Innovation is tangible. It produces a direct change that improves something that is ultimately used. One might innovate a process for how you develop a product. The innovation may be the process but it is used over and over to produce many products or services. Its ultimate output is tangible.
A Person vs. A Thing
Evangelists are people. Innovations are things. Nuff said.
Now the Similarities...
Both innovation and evangelism are hard. They are about bringing ideas, concepts or new behaviors to life. And to this end both definitions are about producing change. What that change looks like at the beginning, middle and the end might be different but the end state is certainly different. The change brings whatever it is to life.
If both produce change and change is hard, then innovation and evangelism are something that is not for the feint of heart. Things that are hard require one thing; fortitude. And fortitude is the fuel of those who want to bring to life something to the world that is much different than what exists.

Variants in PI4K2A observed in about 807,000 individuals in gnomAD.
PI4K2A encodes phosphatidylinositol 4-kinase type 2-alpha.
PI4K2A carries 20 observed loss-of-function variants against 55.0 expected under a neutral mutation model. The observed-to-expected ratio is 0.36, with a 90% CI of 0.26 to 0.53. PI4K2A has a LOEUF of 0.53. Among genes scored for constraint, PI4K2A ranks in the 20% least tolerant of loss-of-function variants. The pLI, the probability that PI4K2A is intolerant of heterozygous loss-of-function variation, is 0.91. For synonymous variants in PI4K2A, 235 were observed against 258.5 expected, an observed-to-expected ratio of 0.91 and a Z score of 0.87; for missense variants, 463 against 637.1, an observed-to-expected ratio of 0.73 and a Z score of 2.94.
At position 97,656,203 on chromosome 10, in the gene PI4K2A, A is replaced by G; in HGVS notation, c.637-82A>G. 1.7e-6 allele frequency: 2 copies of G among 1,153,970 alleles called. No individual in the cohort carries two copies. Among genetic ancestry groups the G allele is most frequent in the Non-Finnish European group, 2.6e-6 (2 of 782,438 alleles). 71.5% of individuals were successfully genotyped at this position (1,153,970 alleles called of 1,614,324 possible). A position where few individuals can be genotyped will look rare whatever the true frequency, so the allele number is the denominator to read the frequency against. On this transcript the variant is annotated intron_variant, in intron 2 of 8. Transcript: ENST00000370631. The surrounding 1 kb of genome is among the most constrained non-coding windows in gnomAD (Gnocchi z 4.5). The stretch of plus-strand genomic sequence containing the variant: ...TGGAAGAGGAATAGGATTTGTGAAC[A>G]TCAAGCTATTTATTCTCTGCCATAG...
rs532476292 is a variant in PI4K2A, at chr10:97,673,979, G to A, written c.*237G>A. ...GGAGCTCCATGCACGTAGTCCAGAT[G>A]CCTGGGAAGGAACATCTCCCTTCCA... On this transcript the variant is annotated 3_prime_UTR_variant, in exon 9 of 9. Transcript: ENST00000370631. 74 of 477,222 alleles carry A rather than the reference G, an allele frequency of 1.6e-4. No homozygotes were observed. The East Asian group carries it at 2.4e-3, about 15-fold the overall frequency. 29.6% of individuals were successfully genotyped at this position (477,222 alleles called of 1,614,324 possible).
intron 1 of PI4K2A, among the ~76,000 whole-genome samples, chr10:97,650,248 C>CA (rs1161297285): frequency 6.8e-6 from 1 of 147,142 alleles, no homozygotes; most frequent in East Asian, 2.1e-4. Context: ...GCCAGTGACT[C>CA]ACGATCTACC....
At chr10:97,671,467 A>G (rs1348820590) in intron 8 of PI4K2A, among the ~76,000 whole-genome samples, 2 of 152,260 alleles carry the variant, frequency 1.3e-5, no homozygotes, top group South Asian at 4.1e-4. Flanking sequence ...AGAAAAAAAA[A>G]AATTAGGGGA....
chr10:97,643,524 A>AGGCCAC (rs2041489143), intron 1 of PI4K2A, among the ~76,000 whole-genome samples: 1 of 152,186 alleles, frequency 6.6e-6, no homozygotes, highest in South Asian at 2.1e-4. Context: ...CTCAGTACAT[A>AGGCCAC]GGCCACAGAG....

And if both product change and require the where with all to make it happen, innovators and evangelists need to keep their eyes on the prize. And to do this, you need to have vision. You need to be able to keep focused on that end state no matter what goes on. With strength and a clear view of where you are going you can make the change real.
So there you have it. Two very similar ideas that are both critical to making the world better. By having definitions you can better discuss and represent your efforts as you do what is important to you.